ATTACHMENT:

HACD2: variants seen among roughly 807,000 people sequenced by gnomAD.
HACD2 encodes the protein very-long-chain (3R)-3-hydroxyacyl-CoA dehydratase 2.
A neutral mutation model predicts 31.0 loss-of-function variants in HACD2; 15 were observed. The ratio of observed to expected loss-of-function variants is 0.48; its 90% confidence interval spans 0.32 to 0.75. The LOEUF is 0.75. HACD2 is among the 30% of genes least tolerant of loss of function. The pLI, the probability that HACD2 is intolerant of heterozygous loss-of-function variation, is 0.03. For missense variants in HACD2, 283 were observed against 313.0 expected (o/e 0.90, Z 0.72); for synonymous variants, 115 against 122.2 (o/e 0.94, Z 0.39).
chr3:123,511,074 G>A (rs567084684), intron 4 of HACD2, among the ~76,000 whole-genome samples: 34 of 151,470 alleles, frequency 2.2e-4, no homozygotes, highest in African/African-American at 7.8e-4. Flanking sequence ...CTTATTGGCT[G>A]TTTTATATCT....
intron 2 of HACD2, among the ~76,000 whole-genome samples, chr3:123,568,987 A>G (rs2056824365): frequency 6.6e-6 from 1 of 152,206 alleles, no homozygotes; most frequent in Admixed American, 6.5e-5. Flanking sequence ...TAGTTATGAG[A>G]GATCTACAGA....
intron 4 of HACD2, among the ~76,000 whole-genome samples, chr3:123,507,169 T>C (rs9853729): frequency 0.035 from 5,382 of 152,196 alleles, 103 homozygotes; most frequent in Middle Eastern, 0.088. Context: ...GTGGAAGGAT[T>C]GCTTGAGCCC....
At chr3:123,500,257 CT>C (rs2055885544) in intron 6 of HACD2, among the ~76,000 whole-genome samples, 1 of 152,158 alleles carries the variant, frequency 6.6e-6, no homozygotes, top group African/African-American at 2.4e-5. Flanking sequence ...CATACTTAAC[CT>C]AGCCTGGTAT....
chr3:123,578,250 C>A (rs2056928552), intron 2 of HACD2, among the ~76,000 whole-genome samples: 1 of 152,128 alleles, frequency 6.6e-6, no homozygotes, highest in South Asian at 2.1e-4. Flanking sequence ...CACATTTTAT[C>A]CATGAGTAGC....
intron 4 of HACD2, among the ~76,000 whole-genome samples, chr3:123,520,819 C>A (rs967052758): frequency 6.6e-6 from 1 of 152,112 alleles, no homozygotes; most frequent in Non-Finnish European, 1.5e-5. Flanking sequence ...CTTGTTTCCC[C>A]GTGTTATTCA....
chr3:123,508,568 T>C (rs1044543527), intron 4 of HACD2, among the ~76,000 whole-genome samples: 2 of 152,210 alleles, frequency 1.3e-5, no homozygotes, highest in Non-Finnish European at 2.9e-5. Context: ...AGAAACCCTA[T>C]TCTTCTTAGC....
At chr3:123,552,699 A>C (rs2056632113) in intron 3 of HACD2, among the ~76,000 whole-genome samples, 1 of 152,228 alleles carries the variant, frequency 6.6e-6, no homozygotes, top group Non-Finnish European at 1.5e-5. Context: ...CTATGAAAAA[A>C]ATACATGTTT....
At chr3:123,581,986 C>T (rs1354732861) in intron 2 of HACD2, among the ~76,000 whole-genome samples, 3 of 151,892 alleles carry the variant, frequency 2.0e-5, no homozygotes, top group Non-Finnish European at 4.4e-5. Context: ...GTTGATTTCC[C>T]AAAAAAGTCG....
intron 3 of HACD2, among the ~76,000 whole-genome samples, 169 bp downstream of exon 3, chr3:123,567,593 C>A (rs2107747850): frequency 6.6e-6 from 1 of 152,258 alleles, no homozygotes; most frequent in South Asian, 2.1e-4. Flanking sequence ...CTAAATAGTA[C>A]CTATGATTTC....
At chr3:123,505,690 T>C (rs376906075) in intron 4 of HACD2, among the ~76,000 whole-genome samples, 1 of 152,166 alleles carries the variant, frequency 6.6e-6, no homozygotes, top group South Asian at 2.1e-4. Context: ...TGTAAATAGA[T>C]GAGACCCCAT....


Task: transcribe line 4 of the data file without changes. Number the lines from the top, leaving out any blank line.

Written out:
chr3:123,511,074 G>A (rs567084684), intron 4 of HACD2, among the ~76,000 whole-genome samples: 34 of 151,470 alleles, frequency 2.2e-4, no homozygotes, highest in African/African-American at 7.8e-4. Flanking sequence ...CTTATTGGCT[G>A]TTTTATATCT....